Coeliac Disease in Children

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Arvo building, auditorium F115, address: Arvo Ylpön katu 34.


Laura Kivelä

Doctoral defence of Lic.Med. Laura Kivelä

Coeliac Disease in Children: From changing presentation towards screening

The field of science of the dissertation is Paediatrics.

The opponent is MD, PhD Ketil Størdal (Norwegian Institute of Public Health, Norway). Professor Kaija-Leena Kolho acts as the custos.

The language of the dissertation defence is English.

Coeliac disease in children: from changing presentation towards screening

Up to 1-3% of children are known to suffer from coeliac disease, in which dietary gluten drives small-bowel mucosal damage and different symptoms. Some patients are asymptomatic and possible to find only by screening. The risk of developing the disease is higher particularly in patients suffering from certain other autoimmune diseases and in close relatives of coeliac disease patients, and screening evaluations could be focused on them. Despite improved knowledge and better diagnostic methods, the great majority of the patients remain unrecognized. Ongoing symptoms decrease quality of life and increase the use of health-care services. Furthermore, untreated coeliac disease may be associated with the risk to develop severe complications. However, whether the risk for complications is similar in symptomatic and asymptomatic, screen-detected patients is not known. Treatment for coeliac disease is a strict, life-long gluten-free diet, and whether screen-detected patients who may have considered themselves healthy before the diagnosis, experience the burden of the diet higher than possible benefits should be further studied.

Dissertation project consists of three original publications, which evaluated changes in the clinical presentation of paediatric coeliac disease, and characteristics and long-term health of risk-group screened children at diagnosis and on a gluten-free diet. Data were collected of children diagnosed with coeliac disease in Finland during 48 years from patient records and in some cases supplemented with interviews, and currently adult patients were invited to answer specific study questionnaires.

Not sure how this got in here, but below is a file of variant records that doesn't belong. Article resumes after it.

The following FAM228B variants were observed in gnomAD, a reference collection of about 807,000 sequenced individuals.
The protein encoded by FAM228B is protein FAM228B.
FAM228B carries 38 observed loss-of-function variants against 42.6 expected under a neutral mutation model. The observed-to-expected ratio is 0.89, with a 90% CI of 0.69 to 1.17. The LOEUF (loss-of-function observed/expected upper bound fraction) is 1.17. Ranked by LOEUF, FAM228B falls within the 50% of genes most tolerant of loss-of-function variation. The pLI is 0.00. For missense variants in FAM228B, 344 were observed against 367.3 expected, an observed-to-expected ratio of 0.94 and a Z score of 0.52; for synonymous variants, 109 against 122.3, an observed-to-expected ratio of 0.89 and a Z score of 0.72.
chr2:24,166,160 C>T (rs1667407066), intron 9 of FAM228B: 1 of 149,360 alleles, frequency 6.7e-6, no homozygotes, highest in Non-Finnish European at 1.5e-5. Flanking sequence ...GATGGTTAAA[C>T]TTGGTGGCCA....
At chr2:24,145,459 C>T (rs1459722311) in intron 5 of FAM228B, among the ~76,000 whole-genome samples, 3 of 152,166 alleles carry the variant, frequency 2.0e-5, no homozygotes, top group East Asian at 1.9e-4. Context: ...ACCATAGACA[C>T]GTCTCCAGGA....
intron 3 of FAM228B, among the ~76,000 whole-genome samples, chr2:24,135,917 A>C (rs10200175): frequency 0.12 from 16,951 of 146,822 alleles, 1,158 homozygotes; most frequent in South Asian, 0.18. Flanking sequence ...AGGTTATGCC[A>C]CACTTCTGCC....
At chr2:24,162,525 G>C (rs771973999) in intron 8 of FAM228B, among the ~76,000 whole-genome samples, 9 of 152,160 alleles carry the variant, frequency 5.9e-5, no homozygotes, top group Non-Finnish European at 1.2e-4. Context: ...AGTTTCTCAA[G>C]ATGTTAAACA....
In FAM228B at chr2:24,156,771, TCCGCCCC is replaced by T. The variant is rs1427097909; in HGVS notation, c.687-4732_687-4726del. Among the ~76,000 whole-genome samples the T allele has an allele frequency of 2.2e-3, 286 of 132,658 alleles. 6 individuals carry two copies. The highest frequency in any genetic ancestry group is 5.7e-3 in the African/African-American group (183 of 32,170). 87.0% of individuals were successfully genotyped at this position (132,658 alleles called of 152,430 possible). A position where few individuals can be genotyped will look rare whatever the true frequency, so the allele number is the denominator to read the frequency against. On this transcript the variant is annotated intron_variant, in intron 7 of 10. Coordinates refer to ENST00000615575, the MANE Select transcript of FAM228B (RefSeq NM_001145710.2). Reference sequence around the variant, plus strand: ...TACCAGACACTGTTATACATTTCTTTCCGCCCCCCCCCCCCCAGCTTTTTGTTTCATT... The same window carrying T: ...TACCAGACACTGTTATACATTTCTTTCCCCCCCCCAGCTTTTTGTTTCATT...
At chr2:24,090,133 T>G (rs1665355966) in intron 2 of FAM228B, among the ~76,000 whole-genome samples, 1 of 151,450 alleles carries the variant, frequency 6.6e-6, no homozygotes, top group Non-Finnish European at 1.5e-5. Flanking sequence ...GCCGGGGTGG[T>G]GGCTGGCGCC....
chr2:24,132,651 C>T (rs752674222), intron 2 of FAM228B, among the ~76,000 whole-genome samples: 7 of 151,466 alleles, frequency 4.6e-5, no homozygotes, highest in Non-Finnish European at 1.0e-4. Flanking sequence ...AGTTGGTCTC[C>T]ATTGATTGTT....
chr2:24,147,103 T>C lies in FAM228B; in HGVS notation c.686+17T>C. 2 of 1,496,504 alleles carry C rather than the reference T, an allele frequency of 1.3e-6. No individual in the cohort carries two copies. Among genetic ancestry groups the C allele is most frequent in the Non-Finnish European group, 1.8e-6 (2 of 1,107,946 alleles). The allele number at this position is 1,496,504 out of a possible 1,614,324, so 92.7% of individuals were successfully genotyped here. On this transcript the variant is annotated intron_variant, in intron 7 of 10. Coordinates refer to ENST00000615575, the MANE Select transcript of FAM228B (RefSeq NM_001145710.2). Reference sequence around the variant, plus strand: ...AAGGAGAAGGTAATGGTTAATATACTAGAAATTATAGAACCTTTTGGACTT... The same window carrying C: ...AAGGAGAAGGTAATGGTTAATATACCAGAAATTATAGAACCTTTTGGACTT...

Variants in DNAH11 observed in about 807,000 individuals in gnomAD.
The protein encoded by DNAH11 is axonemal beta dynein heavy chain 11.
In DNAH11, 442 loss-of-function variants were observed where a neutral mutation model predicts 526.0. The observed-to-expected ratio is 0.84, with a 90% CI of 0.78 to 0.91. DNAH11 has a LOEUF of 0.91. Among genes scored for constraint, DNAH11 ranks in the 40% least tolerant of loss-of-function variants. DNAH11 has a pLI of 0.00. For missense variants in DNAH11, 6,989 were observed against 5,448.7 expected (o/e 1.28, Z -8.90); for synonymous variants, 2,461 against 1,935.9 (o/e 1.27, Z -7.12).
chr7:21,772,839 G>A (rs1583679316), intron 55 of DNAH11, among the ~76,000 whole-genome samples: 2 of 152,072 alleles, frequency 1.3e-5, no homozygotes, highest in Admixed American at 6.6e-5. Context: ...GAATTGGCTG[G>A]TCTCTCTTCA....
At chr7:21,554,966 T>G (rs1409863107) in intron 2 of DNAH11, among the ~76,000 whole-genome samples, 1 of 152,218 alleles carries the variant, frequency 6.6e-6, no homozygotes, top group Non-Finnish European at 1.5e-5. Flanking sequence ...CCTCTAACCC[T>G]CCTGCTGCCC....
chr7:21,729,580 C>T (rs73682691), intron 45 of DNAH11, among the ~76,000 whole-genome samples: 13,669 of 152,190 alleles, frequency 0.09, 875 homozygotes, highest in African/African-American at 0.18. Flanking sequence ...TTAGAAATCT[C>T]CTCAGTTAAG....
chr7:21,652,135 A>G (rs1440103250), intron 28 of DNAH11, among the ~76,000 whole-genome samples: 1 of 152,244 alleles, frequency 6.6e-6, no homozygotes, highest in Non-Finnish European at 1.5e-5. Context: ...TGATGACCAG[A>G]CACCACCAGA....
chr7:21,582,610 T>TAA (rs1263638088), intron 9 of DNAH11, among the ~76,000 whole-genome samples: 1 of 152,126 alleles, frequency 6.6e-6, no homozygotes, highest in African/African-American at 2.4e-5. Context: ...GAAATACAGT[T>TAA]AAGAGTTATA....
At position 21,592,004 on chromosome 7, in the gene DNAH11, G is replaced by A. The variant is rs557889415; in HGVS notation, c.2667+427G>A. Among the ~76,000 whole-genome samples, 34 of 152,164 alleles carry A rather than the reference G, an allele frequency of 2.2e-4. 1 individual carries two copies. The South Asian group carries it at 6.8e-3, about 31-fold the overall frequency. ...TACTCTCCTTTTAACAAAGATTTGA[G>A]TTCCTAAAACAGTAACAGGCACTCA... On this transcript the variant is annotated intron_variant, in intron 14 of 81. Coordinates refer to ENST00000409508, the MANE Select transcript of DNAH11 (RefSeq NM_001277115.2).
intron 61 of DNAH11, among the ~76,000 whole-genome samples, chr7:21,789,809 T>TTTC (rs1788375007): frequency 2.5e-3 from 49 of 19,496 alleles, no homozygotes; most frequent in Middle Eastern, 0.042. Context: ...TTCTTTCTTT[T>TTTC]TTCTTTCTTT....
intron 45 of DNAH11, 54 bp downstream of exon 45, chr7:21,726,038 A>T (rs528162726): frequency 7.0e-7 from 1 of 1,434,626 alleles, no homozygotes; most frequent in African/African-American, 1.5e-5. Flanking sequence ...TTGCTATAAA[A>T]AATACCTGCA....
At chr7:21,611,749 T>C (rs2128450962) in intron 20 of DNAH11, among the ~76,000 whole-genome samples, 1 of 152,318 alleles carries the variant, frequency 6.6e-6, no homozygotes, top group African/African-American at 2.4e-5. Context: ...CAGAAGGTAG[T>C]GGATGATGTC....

We saw that clinical presentation of coeliac disease changed significantly and became milder especially in the 1980s and 1990s, whereas most of the changes reached a plateau in the twenty-first century. Currently, children diagnosed with coeliac disease are on average 8 years old, half of them have gastrointestinal symptoms and up to one-third of them are found due to at-risk screening. Even half of the patients found by screening suffered from previously unrecognized symptoms, anaemia or poor growth, and their severity of small-bowel damage was comparable to clinically found patients. The groups did not differ in dietary adherence, most aspects of quality of life, or their experiences with the disease and its treatment in adulthood.

Results of the present study clarify the changes in the clinical presentation of coeliac disease during this long time period and increase the knowledge about the current clinical features thus helping to improve the diagnostics. Screen-detected patients may have an advanced small-bowel damage, which together with successful dietary treatment and a good long-term prognosis supports systematic screening for coeliac disease among at-risk children.


The dissertation is published in the publication series of Acta Universitatis Tamperensis; 2425, Tampere University Press, Tampere 2018. The dissertation is also published in the e-series Acta Electronica Universitatis Tamperensis; 1935, Tampere University Press 2018.

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